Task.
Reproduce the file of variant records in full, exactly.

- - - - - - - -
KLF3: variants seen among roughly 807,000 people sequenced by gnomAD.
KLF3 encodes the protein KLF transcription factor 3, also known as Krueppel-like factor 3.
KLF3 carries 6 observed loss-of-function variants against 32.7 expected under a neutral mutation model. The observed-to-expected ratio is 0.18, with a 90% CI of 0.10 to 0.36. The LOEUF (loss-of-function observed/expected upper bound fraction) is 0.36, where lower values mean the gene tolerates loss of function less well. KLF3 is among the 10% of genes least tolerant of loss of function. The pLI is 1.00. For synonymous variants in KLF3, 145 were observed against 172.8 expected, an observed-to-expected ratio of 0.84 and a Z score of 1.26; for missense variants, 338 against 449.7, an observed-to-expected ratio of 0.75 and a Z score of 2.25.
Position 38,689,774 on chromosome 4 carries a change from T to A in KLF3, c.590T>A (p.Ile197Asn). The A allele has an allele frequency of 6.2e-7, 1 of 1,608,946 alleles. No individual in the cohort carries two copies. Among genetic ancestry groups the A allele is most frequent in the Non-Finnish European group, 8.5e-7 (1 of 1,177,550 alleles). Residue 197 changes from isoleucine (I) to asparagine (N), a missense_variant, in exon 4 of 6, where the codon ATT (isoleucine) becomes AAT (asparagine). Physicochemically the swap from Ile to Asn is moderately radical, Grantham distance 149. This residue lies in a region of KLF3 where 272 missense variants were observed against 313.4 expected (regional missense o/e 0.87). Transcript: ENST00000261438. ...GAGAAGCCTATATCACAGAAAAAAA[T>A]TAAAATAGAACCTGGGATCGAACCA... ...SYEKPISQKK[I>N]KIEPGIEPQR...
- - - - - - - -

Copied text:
KLF3: variants seen among roughly 807,000 people sequenced by gnomAD.
KLF3 encodes the protein KLF transcription factor 3, also known as Krueppel-like factor 3.
KLF3 carries 6 observed loss-of-function variants against 32.7 expected under a neutral mutation model. The observed-to-expected ratio is 0.18, with a 90% CI of 0.10 to 0.36. The LOEUF (loss-of-function observed/expected upper bound fraction) is 0.36, where lower values mean the gene tolerates loss of function less well. KLF3 is among the 10% of genes least tolerant of loss of function. The pLI is 1.00. For synonymous variants in KLF3, 145 were observed against 172.8 expected, an observed-to-expected ratio of 0.84 and a Z score of 1.26; for missense variants, 338 against 449.7, an observed-to-expected ratio of 0.75 and a Z score of 2.25.
Position 38,689,774 on chromosome 4 carries a change from T to A in KLF3, c.590T>A (p.Ile197Asn). The A allele has an allele frequency of 6.2e-7, 1 of 1,608,946 alleles. No individual in the cohort carries two copies. Among genetic ancestry groups the A allele is most frequent in the Non-Finnish European group, 8.5e-7 (1 of 1,177,550 alleles). Residue 197 changes from isoleucine (I) to asparagine (N), a missense_variant, in exon 4 of 6, where the codon ATT (isoleucine) becomes AAT (asparagine). Physicochemically the swap from Ile to Asn is moderately radical, Grantham distance 149. This residue lies in a region of KLF3 where 272 missense variants were observed against 313.4 expected (regional missense o/e 0.87). Transcript: ENST00000261438. ...GAGAAGCCTATATCACAGAAAAAAA[T>A]TAAAATAGAACCTGGGATCGAACCA... ...SYEKPISQKK[I>N]KIEPGIEPQR...